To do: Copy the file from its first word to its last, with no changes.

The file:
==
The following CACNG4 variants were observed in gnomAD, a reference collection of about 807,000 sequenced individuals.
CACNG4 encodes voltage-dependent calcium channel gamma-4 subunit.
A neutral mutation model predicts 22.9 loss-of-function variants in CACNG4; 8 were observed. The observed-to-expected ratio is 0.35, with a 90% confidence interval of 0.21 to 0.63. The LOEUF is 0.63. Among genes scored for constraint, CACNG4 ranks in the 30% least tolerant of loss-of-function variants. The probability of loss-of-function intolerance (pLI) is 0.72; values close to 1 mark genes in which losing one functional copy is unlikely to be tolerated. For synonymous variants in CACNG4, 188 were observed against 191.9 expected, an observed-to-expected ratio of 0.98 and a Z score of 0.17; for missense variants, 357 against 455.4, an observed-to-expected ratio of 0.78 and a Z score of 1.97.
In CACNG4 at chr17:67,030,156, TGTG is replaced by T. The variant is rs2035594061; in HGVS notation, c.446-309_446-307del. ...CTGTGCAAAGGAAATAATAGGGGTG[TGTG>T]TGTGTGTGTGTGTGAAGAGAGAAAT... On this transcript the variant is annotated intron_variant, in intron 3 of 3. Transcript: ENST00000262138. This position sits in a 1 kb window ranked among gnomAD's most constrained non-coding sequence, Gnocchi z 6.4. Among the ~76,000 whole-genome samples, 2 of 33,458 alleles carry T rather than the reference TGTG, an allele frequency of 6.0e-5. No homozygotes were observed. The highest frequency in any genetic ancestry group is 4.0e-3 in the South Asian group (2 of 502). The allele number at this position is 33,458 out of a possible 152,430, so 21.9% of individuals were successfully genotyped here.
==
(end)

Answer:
The following CACNG4 variants were observed in gnomAD, a reference collection of about 807,000 sequenced individuals.
CACNG4 encodes voltage-dependent calcium channel gamma-4 subunit.
A neutral mutation model predicts 22.9 loss-of-function variants in CACNG4; 8 were observed. The observed-to-expected ratio is 0.35, with a 90% confidence interval of 0.21 to 0.63. The LOEUF is 0.63. Among genes scored for constraint, CACNG4 ranks in the 30% least tolerant of loss-of-function variants. The probability of loss-of-function intolerance (pLI) is 0.72; values close to 1 mark genes in which losing one functional copy is unlikely to be tolerated. For synonymous variants in CACNG4, 188 were observed against 191.9 expected, an observed-to-expected ratio of 0.98 and a Z score of 0.17; for missense variants, 357 against 455.4, an observed-to-expected ratio of 0.78 and a Z score of 1.97.
In CACNG4 at chr17:67,030,156, TGTG is replaced by T. The variant is rs2035594061; in HGVS notation, c.446-309_446-307del. ...CTGTGCAAAGGAAATAATAGGGGTG[TGTG>T]TGTGTGTGTGTGTGAAGAGAGAAAT... On this transcript the variant is annotated intron_variant, in intron 3 of 3. Transcript: ENST00000262138. This position sits in a 1 kb window ranked among gnomAD's most constrained non-coding sequence, Gnocchi z 6.4. Among the ~76,000 whole-genome samples, 2 of 33,458 alleles carry T rather than the reference TGTG, an allele frequency of 6.0e-5. No homozygotes were observed. The highest frequency in any genetic ancestry group is 4.0e-3 in the South Asian group (2 of 502). The allele number at this position is 33,458 out of a possible 152,430, so 21.9% of individuals were successfully genotyped here.